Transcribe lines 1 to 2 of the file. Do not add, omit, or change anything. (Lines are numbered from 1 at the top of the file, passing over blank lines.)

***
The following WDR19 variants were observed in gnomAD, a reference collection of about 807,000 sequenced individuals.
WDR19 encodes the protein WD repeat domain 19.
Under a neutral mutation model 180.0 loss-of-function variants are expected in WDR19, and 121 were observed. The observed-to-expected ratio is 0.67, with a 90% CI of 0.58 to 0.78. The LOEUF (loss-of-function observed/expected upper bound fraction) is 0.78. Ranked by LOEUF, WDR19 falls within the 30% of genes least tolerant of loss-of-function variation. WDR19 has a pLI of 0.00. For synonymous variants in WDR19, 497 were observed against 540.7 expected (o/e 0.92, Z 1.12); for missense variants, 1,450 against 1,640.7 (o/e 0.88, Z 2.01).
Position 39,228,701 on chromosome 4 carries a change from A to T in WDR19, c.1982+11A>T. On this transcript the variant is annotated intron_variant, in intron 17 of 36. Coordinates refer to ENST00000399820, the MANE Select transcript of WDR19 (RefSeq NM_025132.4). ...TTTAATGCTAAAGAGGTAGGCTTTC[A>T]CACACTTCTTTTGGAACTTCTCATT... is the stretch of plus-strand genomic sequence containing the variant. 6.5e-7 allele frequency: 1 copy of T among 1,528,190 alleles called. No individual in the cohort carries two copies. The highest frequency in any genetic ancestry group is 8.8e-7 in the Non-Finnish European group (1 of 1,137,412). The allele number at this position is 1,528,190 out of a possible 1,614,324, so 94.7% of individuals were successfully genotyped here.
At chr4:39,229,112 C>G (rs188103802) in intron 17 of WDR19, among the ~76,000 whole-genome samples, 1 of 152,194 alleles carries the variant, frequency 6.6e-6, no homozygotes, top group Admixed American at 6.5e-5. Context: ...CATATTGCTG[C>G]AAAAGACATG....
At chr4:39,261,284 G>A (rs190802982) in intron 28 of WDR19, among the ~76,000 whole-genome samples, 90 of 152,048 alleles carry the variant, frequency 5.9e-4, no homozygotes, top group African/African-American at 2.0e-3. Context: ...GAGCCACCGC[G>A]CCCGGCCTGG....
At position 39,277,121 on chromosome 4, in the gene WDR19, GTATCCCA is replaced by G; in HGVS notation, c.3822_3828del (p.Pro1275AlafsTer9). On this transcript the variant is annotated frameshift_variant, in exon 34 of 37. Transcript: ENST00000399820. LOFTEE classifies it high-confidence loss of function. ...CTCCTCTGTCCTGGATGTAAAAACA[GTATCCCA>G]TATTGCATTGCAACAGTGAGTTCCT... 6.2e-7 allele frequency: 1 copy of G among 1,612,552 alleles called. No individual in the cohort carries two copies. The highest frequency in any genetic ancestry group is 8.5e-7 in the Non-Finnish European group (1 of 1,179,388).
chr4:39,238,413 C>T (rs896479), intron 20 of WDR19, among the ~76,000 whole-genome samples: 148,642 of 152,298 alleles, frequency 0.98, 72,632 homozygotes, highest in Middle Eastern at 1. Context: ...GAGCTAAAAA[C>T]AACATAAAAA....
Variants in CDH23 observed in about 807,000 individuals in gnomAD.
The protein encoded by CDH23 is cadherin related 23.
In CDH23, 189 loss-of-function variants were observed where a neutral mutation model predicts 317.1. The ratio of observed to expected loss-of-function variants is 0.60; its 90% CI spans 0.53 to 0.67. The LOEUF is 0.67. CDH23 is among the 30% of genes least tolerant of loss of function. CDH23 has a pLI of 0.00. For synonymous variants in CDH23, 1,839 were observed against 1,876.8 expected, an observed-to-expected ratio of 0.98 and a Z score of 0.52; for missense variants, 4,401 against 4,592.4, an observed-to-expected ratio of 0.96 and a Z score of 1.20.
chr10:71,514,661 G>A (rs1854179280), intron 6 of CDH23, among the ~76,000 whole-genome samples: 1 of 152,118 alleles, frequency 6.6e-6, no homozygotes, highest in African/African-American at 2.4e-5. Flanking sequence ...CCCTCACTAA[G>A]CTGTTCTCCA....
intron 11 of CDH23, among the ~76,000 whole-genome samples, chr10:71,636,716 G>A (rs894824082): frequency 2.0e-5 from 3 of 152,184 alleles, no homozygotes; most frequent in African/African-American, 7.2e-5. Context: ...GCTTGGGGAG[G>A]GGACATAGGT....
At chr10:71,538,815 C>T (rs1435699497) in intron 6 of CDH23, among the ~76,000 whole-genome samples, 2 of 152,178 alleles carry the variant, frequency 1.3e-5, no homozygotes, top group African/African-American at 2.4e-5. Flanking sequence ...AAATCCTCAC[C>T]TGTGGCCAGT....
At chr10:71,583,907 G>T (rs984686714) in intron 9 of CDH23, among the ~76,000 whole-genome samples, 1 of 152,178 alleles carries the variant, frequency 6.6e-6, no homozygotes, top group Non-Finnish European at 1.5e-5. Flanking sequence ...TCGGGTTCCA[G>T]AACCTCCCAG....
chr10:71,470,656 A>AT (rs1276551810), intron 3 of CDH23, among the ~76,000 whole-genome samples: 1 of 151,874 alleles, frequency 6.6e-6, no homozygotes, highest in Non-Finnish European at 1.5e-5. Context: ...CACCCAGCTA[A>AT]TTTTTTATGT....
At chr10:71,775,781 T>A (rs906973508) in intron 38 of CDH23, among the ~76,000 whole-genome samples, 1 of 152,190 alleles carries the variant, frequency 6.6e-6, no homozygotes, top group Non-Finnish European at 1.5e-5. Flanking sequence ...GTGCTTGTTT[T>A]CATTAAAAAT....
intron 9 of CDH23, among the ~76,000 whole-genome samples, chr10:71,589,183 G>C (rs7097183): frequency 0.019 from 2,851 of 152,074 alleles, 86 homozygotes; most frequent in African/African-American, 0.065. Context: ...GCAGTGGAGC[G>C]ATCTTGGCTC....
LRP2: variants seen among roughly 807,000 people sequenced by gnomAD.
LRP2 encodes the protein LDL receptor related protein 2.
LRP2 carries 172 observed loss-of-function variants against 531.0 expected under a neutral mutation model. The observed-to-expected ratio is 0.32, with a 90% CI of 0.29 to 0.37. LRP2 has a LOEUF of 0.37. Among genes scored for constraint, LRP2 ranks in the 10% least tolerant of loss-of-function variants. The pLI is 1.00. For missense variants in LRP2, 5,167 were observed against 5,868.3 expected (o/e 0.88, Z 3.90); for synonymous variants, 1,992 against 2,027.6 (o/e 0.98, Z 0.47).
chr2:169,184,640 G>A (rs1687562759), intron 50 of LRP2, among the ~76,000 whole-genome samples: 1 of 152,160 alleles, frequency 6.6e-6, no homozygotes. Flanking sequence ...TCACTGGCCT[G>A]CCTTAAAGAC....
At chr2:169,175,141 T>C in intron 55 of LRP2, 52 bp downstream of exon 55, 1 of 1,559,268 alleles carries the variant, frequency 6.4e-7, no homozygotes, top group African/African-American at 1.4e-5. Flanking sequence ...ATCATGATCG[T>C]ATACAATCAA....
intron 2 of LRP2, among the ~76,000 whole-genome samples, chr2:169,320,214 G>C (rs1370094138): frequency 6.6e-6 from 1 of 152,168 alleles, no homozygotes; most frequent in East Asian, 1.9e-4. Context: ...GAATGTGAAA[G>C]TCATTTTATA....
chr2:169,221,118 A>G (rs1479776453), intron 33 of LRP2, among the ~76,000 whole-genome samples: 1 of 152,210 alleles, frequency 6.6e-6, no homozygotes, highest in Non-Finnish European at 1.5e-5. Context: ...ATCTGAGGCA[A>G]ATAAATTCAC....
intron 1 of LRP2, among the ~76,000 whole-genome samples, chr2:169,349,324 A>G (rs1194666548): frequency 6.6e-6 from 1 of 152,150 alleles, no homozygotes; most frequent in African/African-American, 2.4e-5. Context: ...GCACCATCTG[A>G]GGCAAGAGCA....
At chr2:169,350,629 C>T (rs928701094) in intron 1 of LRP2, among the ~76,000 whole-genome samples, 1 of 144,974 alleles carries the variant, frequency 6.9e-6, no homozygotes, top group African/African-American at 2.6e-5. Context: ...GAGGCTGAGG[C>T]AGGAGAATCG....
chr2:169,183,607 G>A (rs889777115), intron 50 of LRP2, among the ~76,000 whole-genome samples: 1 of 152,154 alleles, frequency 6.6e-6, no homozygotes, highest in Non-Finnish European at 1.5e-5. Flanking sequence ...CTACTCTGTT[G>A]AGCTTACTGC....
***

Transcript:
The following WDR19 variants were observed in gnomAD, a reference collection of about 807,000 sequenced individuals.
WDR19 encodes the protein WD repeat domain 19.